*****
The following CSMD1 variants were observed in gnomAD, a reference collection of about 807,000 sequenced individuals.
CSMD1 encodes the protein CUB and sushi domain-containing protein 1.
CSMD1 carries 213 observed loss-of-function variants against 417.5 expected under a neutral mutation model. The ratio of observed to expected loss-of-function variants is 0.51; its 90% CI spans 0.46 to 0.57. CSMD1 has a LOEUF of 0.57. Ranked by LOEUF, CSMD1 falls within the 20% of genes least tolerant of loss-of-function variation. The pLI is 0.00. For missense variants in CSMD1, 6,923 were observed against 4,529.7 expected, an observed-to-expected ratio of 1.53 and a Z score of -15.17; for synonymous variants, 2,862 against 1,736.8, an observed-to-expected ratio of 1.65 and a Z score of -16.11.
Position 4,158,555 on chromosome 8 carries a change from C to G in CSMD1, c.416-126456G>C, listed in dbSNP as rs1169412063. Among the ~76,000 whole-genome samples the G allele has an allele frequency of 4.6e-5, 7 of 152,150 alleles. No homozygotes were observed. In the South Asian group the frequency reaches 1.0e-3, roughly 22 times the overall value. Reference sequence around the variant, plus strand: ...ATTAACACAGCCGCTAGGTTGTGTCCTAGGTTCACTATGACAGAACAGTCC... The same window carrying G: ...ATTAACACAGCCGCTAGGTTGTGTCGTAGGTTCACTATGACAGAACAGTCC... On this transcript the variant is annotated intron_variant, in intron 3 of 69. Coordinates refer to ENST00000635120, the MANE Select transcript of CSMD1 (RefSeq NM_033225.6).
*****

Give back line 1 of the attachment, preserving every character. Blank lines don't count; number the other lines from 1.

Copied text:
The following CSMD1 variants were observed in gnomAD, a reference collection of about 807,000 sequenced individuals.